Ravisha Kudchadkar of Fatima Convent High School, Margao feels that the modern world has brought a lot of reforms in the education sector. She says: “Today students are studying and thriving in a digital world. Pen and paper has slowly taken a back seat. Short forms and short hand is spontaneously developed during teacher’s dictation to focus more on the matter.” She adds that slang language is procured more by interacting with friends. “Communication skills are very important to survive in a rapidly changing world. Diction, fluency, and a little bit of slang is needed to be in the rat race.”


Use of slang words in exam papers

The habit of using slang/informal words can also be seen in exam papers, says assistant professor, Don Bosco College of Engineering, Fatorda, Satyendra Kakodkar. “There are abbreviations and students even write all questions as their answers,” he says.

Assistant professor, St Xavier’s College, Mapusa, Vailarose Fernandes also shares her experience and says that students do write a lot of codewords or SMS language in assignments or exams. “But it is unacceptable and they are corrected,” she adds.

With students using short forms or slang in exam papers, assistant professor, head of English department, Dnyanprassarak Mandal’s College, Assagao, Shanti Muninathan admits that after evaluating papers, she has to think twice about the correct spellings and grammar herself. “Everything is in short form, for example ‘for’ is written as ‘4’.


How teachers communicate in college

The way teachers communicate with the students have also changed over the years. Assistant professor, Agnel Institute of Technology and Design, Assagao, Chaitali Karekar informs that communication in colleges previously  would be at a primary level with a mix of slang and formal communication with due respect. “Certainly slang and informal words are always avoided when writing exams. But definitely slang in a non-abusive way is no more a crisis,” says Chaitali.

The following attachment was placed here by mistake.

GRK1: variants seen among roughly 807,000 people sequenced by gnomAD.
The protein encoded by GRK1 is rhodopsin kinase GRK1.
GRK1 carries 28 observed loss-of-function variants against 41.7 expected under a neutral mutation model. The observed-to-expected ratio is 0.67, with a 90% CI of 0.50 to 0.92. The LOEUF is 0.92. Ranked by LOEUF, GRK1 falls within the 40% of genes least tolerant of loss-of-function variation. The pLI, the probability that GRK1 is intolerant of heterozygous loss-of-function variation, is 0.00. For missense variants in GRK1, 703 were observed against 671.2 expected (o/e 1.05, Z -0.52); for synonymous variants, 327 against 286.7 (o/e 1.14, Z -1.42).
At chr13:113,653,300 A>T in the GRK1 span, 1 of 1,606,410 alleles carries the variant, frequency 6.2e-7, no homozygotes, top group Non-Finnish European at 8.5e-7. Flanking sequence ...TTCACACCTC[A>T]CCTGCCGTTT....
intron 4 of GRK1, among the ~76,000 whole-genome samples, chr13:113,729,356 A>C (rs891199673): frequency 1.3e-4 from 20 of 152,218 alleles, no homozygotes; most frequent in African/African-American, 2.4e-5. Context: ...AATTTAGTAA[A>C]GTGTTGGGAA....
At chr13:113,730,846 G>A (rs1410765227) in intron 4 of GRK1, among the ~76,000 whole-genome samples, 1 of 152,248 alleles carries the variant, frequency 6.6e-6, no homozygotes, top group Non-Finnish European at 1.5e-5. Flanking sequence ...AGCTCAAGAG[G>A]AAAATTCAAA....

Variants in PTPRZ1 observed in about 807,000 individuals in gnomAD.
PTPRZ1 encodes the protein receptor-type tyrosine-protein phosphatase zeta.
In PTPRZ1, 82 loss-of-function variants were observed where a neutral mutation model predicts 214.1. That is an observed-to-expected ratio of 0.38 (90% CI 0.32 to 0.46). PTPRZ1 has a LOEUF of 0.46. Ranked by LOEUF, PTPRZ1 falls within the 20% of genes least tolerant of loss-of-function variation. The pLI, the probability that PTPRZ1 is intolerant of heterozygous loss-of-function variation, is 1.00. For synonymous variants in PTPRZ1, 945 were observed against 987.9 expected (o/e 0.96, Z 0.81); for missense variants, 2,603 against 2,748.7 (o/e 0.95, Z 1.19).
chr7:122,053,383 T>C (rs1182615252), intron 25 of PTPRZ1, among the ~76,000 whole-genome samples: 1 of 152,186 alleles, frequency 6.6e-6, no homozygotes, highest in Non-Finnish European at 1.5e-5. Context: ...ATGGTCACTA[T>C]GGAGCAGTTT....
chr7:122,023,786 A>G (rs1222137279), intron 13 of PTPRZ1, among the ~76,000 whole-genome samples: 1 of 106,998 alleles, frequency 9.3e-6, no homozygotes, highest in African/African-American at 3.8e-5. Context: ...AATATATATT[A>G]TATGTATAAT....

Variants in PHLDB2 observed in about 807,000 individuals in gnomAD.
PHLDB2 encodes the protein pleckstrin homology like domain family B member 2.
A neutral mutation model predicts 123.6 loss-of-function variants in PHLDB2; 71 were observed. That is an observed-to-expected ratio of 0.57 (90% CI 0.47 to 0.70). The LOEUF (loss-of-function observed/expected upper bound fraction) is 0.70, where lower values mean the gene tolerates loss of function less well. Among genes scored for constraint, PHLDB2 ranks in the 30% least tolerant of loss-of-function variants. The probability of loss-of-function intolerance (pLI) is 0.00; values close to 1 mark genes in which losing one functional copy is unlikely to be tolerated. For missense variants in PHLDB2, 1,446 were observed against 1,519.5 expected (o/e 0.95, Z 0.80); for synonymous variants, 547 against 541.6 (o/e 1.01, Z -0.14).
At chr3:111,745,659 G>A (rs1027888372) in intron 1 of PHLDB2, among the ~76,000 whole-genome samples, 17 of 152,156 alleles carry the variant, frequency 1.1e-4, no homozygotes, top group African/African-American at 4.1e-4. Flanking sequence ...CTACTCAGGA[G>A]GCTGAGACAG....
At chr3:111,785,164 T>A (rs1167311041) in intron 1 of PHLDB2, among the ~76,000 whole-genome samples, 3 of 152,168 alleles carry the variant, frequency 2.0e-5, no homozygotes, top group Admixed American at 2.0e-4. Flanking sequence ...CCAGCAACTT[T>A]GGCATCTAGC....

She adds that generally people use diverse phrases, words and ways of speaking in varying languages when they communicate with others who are similar in age and with familiar personalities. “However another universal set of words and expressions are used when you are in situations like at work, with strangers or authoritative professionals at first sight and later with changing degree of formalism,” she says.

Kakodkar shares that in the past the notice regarding the submissions/orals or any information was displayed on the notice boards located at various points in the campus and that “there was a habit of reading notice boards, which is lost over a period of times. Now although you display the notices, students hardly read it. Hence the best way is oral communication, WhatsApp or any other social media platforms.”

English has definitely changed over time. “Nowadays, the language used by college students is very casual. It’s more to do with technology as we use language to communicate online, and here we write like we speak in social media apps. So naturally social media with all its fancy jargons has influenced not just how we think but also the way we write,” says Vailarose.